John Guy and his colonists wanted to make contact with the Beothuk people who lived at the bottom of Trinity Bay. On September 1, 1612, Henry Crout and seven other settlers left Cupids Cove to walk to Trinity Bay. They cut and marked a trail as they went. Henry described the trip in his diary and in a letter he wrote to Sir Percival Willoughby on September 8, 1612. In 1997 archaeologists from the Baccalieu Trail Heritage Corporation led by William Gilbert retraced the route that Henry Crout and the Colonists followed by reading descriptions in the letter and in Crout’s journal.
According to Henry, nobody had ever walked overland from Conception Bay to Trinity Bay before. The following account, based on Henry Crout’s writings describes their original walk.
September 1st, 1612
September 1st was a nice day. The wind blew from the west all day and the sun was shining. First the settlers climbed the hill on the western side of Cupids Harbour. Then they walked down into Salmon Cove. From there they hiked along the south side of South River to where Drogheda is today.
Then they followed the river that flows into South River up unto the ridge between South River and North River. Today this ridge is called the Whale’s Back. From high on the Whale’s Back the explorers could see all the way to Trinity Bay. They set their course to the northwest and continued on.
Henry was really impressed. In his letter he wrote: “We found very fair and large trees especially birch trees in the valleys. I assure you that it will be very good farm land for the earth is excellent good but it needs some men to manure it.” The explorers went six miles the first day and spent their first night somewhere near The-Pond-That-Feeds-The-Brook.
September 2nd, 1612
The next day a cold wind blew from the southeast and the rain poured down. Henry wrote that the sun did not show itself all day. The men kept dry by staying under a tree all day and night. The bread they had brought with them got wet and was ruined.
September 3rd, 1612
There were a few showers the next morning but the explorers continued on. Later the weather cleared up. They traveled northwest past where Country Road and Shearstown Road are today. Then they climbed a hill and came to a barren with a pond in it. This is probably the pond we call Frainey’s Pond today.
Frainey’s Pond is on the high ground between Conception Bay and Trinity Bay. East of Frainey’s Pond all the rivers flow into Conception Bay and west of it all the rivers flow into Trinity Bay. Henry and his men kept walking.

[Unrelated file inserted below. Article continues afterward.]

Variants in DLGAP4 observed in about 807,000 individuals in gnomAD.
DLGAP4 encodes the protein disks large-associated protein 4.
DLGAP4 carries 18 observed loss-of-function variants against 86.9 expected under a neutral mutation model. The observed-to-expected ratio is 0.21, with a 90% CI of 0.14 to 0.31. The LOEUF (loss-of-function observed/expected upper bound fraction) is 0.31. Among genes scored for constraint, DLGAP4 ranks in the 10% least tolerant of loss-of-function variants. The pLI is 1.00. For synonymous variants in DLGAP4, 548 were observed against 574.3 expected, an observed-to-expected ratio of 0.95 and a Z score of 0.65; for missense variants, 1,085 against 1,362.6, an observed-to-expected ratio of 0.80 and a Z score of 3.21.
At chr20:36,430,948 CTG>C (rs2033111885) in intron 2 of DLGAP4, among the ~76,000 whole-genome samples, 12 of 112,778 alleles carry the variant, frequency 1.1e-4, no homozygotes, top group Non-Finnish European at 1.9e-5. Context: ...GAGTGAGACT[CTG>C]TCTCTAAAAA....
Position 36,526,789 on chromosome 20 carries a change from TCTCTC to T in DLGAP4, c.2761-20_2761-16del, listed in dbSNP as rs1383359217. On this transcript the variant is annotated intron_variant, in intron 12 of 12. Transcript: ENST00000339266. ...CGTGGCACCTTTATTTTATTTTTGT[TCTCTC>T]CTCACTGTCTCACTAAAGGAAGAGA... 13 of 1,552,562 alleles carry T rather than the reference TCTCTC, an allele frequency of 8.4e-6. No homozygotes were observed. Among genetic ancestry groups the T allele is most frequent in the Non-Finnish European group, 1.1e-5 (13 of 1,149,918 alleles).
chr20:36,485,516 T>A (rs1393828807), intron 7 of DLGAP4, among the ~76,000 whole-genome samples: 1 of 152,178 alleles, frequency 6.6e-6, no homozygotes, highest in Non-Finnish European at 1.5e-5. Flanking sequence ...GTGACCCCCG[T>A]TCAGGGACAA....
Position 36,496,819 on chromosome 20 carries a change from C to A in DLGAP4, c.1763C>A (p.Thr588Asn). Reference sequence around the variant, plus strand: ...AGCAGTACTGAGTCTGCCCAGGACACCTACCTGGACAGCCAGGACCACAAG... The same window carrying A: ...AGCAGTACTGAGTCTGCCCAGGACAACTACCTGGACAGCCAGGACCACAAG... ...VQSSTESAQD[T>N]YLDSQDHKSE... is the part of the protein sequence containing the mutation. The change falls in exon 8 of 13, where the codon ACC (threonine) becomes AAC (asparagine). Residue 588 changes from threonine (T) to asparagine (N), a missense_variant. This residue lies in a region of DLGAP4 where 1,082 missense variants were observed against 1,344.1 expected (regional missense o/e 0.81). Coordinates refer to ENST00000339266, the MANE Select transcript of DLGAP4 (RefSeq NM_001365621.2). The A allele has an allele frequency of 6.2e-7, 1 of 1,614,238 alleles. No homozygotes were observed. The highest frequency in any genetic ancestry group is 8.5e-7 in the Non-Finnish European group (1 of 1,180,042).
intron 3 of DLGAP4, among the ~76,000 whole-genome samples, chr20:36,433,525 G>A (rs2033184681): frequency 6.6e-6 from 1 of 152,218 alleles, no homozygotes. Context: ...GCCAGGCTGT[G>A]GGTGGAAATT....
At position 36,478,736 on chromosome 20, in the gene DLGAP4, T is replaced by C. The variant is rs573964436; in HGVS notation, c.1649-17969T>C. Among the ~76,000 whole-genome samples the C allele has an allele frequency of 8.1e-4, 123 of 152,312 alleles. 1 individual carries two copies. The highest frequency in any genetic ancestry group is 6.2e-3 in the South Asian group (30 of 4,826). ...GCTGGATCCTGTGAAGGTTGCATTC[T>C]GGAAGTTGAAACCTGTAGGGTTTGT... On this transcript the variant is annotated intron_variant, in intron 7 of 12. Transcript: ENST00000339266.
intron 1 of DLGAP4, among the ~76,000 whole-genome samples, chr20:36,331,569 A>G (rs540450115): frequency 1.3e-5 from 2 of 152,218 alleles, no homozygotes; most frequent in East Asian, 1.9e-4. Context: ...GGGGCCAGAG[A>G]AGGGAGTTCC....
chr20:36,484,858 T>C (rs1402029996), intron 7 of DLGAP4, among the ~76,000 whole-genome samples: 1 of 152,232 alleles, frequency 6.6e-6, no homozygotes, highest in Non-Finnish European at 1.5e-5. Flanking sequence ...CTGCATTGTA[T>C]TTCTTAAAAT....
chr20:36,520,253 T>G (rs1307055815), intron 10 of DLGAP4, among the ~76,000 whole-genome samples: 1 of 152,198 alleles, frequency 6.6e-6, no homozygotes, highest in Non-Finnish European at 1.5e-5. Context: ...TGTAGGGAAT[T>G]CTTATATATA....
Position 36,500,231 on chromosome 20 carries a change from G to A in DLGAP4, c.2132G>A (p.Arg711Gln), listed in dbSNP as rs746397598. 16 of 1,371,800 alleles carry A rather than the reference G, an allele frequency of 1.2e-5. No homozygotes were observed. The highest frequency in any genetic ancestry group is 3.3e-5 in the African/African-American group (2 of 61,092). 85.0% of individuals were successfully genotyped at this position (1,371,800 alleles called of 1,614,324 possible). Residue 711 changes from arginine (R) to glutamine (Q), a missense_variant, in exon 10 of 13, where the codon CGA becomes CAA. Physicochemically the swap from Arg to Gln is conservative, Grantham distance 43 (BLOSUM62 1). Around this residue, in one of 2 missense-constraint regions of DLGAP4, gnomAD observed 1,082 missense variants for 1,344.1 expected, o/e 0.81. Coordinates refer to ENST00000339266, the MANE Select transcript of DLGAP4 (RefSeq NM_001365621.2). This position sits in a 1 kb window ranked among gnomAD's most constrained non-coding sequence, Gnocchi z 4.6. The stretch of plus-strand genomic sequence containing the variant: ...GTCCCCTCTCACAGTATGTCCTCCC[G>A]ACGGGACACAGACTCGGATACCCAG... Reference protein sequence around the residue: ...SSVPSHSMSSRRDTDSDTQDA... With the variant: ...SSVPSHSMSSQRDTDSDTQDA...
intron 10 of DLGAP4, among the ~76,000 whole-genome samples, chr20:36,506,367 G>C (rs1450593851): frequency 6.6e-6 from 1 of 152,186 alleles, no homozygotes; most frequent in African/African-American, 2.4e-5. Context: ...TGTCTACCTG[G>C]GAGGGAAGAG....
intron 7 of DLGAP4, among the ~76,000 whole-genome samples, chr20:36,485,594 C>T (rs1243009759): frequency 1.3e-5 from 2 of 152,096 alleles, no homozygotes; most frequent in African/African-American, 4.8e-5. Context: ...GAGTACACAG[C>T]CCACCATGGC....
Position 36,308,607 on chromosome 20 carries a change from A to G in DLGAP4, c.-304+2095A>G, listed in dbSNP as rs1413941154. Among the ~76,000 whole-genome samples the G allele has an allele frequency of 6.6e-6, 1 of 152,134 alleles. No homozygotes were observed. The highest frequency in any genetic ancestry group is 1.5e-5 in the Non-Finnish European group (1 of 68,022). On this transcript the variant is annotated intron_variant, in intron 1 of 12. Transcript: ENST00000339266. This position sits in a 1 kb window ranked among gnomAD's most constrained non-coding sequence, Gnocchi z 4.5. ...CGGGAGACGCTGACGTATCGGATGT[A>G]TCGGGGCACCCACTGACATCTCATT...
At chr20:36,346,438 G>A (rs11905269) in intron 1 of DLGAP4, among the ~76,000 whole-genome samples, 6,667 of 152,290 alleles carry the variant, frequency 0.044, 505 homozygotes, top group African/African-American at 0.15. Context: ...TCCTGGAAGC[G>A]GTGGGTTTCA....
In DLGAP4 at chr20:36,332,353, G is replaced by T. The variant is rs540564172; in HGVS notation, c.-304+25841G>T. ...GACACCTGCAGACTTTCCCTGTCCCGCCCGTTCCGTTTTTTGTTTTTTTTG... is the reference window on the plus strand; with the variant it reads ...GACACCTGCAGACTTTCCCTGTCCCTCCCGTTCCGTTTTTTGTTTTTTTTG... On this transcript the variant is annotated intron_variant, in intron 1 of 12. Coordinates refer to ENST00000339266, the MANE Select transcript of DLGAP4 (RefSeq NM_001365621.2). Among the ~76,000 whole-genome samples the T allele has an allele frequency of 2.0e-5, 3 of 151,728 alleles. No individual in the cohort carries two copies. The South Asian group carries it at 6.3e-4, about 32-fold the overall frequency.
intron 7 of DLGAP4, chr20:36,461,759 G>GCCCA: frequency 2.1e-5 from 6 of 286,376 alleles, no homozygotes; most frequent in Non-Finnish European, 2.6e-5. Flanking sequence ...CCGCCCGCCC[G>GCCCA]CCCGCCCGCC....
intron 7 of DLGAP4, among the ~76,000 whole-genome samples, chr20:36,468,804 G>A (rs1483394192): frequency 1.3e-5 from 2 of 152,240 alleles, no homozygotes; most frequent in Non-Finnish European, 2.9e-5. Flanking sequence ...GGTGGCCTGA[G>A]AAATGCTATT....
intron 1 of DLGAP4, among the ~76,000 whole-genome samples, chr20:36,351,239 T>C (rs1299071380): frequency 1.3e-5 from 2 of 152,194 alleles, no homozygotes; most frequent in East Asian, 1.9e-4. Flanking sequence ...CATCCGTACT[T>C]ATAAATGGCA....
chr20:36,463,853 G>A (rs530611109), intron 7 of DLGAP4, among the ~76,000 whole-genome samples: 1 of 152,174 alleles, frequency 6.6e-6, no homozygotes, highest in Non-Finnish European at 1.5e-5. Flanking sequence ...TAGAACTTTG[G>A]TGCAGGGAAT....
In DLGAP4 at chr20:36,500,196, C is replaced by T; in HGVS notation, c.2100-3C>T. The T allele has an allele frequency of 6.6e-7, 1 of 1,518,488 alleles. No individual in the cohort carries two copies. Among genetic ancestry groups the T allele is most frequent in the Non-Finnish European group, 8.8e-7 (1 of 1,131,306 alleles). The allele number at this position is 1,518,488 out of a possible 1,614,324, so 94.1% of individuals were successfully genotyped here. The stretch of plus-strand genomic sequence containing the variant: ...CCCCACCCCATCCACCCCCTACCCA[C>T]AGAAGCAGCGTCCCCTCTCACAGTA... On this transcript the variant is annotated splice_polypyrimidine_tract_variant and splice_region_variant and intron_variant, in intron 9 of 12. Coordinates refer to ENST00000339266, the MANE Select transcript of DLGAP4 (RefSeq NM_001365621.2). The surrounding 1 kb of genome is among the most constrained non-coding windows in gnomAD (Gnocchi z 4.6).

After they passed Frainey’s Pond they came to the place we call the Grassy Gullies. At the Grassy Gullies Henry saw a trail made by herds of caribou moving between the New Harbour Barrens and St. Mary’s Bay. He said that they would have stopped to do some hunting but they were in too much of a hurry.
Once again Henry was impressed with what he saw. He wrote: “It will do a man good to view the forest and woods and see the passage of deer and ducks and geese in great store in every pond.” He also talked about all the beaver houses he saw along the way and said: “A man may very easily travel through the country without any danger at all having but a hatchet in his hand.”
Henry and his men kept on going and before dark they came to a pond that was about three or four miles from Trinity Bay. In the pond were some ducks. They shot some of the ducks for their supper and camped on the side of the pond for the night. Henry says in his diary that there were four beaver houses in the pond. We don’t know exactly where they camped but it was probably somewhere around Loo Pond on the New Harbour Barrens.
September 4th, 1612
The next morning Henry and his men continued walking towards Trinity Bay. Around 10 o’clock in the morning they came to a group of ponds about three miles from Trinity Bay. We know from what Henry wrote that these were Denny’s Pond, Island Pond and Sutton’s Pond on the New Harbour Barrens. They could not find a way around the ponds and all their food had been ruined by the rain so they decided to go back to Cupids Cove.
They turned around and went back to the place where they had camped the night before. They spent the night camped there.
September 5th, 1612
The next day they made it to another pond about six miles from Trinity Bay and spent the night there.
September 6th, 1612
They arrived back in Cupids Cove after dark on September 6th.
September 9th, 1612
On September 9th another group of settlers left Cupers Cove. They were going to finish the trail and cut it wide enough for two men to walk it together. We do not know exactly what happened on this second trip. Henry Crout could not go this time because he had hurt his leg on the first trip but we know that the trail was cut all the way to Trinity Bay.
October 22nd, 1612
On October 22, 1612 John Guy and Henry Crout sailed into Hopeall harbour aboard the Indeavour. John called Hopeall Mount Eagle Bay. He wrote in his journal that Mount Eagle Bay was the place where the trail from Conception Bay entered Trinity Bay.
Crout’s Way Today
Crout’s Way is one of the oldest European trails anywhere in North America. The Baccalieu Trail Heritage Corporation has been working to develop it as an historic hiking trail since it was rediscovered in 1997.
From William Gilbert on Baccalieu Digs:
The trail can now be followed from Drogheda in Conception Bay all the way to Hopeall in Trinity Bay. The part of the trail between Drogheda and Hopeall has been cleared and marked, some signage has been erected and some basic improvements have been made. However, since the beginning, it has been our intention to leave as little mark on the landscape as possible so that anyone who chooses to retrace the route of these early explorers will have a true wilderness experience. To walk the entire trail takes about two days and it is definitely intended for the experienced hiker.